I have a new found interest in Korean Dramas as a result of watching so much television here. They are dubbed in Chinese here, and they are constantly on. The Chinese is fairly basic, and what I don’t understand in words I can usually pick up from the over-exaggerated acting. Plus, the Chinese versions are available online (http://www.maplestage.com/), so I can keep up with them even after I’m back in the States. Another of my favorite shows to watch is this talk show with a bunch of foreign guys talking about their life in Taiwan and their Taiwanese girlfriends. The hosts are Taiwanese, and they ask the guys all sorts of random questions about their lives. The show is mindless, but it’s fun to watch. I am still struggling to transfer the words I undestand when said to me into words that I myself use in daily conversation.
Another thing I’ve found useful for boosting my listening skills is podcasts. I have a 30 minute commute to school everyday, and I realized that I could take this time listening to podcasts while on my way to school. My current favorite podcast is called 吃吃喝喝美食我最yin (available on iTunes for free). It’s run out of Taizhong, and the hosts talk about food spots around Taiwan as well as Japanese food. The Chinese is at a good speed for me, and I find the discussions fairly interesting. I’m working to find a new podcast, though, since I think I need to expand my listening skills beyond food vocabulary. I’m very open to suggestions if anyone were to have any!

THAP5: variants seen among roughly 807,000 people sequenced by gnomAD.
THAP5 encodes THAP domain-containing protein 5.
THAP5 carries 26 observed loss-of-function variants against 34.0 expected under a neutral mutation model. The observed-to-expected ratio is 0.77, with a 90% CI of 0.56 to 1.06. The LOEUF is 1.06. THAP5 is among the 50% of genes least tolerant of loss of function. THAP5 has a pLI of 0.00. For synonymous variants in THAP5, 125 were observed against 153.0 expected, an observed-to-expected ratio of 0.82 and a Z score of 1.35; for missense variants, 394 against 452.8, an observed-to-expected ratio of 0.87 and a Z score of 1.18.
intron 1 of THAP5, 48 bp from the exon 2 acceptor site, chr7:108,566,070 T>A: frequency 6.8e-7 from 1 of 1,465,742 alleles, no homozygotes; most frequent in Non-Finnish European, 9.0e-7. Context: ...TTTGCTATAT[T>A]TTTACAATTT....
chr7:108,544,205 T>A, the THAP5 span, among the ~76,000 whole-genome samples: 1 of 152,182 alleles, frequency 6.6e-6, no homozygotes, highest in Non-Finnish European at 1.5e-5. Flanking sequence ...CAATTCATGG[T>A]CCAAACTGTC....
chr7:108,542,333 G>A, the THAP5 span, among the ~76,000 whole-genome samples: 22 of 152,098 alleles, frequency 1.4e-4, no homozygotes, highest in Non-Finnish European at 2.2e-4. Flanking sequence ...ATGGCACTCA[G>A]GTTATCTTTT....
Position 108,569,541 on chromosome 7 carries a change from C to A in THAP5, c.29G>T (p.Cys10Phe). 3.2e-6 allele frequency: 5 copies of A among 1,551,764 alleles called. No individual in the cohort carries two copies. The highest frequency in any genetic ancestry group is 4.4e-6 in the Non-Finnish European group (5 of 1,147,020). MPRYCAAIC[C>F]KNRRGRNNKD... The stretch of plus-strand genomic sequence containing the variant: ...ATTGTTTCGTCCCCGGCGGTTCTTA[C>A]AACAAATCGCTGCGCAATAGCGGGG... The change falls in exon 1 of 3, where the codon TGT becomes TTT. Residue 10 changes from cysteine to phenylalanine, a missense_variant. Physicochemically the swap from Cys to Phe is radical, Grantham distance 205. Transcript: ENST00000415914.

My last suggestion for listening is asking questions that you already know the answers to. Even if you know why people where helmets when riding bikes or some stupid question like that, it’s useful to ask in Chinese because then you can hear how a native speaker would explain the concept. Not only is it a completely foreign language, but people think differently in Taiwan than they do in America. They come to conclusions that we wouldn't in America simply because their internal logic is fundamentally different. This is actually really problematic for me because people will ask me questions, and even if I know every word, I still don’t know their exact questions because I don’t know the context their getting the question from. Asking questions you know the answer to is a great way to get a better grasp on Taiwanese thought process, but I still get caught off guard sometimes and am completely lost with where people get their thoughts from. A lot of times, it is as if our trains of thought are running on completely different tracks.